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Delta Soils Found to Alter Herbicide's Effectiveness

By Alfredo Flores
September 12, 2006

Why do soils in certain parts of the Mississippi Delta cause atrazine to degrade too fast? Agricultural Research Service (ARS) scientists have found that a microbial process, which occurs after a short exposure to this herbicide, may result in a loss of atrazine's effectiveness.

Scientists at the ARS Southern Weed Science Research Unit in Stoneville, Miss., have been working with corn growers to figure out why this is happening. In recent years, as Mississippi farmers have shifted away from cotton-only production to a corn-cotton rotation, they've turned to atrazine—one of the most widely applied herbicides in North America—to curb broadleaf weeds.

Research leader Bob Zablotowicz and his team at Stoneville collected samples of soils with known management histories from 21 sites in Leflore, Sunflower and Washington counties in Mississippi. Then they used radio-labeled atrazine to assess the herbicide's rate of degradation to carbon dioxide—a process called pesticide mineralization—in the samples. Mineralization is a term for complete breakdown of an organic compound to simple inorganic components like carbon dioxide, water and ammonium.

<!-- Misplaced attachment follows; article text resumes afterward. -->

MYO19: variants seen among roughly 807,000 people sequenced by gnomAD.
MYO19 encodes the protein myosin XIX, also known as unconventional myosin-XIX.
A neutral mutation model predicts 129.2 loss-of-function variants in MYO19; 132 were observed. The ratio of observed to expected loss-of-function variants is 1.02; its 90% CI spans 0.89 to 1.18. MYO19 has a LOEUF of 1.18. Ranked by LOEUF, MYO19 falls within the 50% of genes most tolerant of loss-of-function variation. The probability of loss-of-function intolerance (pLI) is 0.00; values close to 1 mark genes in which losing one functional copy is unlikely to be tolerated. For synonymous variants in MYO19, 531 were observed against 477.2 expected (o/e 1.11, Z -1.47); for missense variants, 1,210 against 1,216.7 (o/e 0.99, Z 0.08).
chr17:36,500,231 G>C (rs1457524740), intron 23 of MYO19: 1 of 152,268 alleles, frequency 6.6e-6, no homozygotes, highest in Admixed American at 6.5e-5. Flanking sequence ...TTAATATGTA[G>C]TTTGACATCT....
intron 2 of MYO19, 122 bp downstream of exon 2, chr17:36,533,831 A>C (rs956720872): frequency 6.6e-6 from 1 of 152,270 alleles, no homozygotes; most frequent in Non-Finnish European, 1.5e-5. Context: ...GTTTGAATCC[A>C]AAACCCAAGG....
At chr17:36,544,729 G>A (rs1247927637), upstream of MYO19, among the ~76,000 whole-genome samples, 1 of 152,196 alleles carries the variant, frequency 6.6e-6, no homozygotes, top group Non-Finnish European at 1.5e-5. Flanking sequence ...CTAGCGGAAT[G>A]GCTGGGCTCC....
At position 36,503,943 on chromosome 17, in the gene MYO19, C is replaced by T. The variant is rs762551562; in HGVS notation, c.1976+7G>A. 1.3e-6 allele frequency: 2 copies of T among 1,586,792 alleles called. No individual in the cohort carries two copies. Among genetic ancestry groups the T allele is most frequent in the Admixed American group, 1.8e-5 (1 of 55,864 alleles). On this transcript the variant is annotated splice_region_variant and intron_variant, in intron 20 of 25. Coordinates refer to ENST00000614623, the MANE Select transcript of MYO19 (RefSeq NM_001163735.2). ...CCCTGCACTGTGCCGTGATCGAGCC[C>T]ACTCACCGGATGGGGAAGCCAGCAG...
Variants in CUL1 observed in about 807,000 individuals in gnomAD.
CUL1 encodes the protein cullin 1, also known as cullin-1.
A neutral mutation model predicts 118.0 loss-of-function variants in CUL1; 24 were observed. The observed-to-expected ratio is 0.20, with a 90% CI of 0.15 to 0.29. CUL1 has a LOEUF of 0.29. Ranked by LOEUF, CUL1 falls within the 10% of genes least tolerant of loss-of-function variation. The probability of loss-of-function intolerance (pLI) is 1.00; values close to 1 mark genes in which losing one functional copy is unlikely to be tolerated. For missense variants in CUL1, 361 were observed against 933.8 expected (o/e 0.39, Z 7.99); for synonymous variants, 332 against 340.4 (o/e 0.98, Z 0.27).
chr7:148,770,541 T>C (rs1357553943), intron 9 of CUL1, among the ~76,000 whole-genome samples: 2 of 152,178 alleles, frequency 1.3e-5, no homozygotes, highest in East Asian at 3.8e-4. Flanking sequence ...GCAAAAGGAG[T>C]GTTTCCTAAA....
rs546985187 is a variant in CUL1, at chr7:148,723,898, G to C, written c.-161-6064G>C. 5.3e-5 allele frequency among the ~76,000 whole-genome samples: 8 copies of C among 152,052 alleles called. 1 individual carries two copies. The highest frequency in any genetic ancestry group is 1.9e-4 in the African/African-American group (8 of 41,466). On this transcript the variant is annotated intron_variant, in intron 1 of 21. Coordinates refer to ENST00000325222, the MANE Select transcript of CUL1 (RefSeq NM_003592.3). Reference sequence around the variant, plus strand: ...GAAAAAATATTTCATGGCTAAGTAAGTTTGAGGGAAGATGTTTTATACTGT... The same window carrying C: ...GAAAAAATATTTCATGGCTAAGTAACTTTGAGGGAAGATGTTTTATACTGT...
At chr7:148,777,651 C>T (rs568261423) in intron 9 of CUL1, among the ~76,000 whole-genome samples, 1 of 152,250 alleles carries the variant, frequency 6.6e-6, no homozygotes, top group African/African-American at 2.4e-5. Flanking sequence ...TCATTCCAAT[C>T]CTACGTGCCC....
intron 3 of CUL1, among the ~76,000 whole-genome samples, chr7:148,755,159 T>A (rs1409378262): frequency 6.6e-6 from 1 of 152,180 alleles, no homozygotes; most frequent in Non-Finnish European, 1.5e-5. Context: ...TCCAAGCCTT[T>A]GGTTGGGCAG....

The researchers found mineralization was extensive in soils with as few as just one to three atrazine applications. Cumulative mineralization ranged from 45 to 72 percent over 30 days, under laboratory conditions.

Their findings, recently published in Weed Science, suggest that microbial populations capable of accelerating atrazine degradation have developed in Mississippi Delta soils after a very short exposure to the herbicide. This may be due in part to the Delta region's very mild winters and abundant rainfall that allow continual survival of atrazine-degrading microbes once they appear in the soil.

Most well-drained Mississippi Delta soils have historically been used solely for cotton production, bringing growers about $600 million annually in revenue from about 1.1 million acres. But long-term monoculture production can eventually degrade the soil and cause increased invasive pest problems, including weeds, insects and nematodes.

Recently, corn has become a desirable rotational crop, since it requires lower inputs and can provide a good return with less risk than cotton. Efforts now are needed to find a suitable replacement for atrazine in production areas where its effectiveness has been significantly reduced.

ARS is the U.S. Department of Agriculture's principal scientific research agency.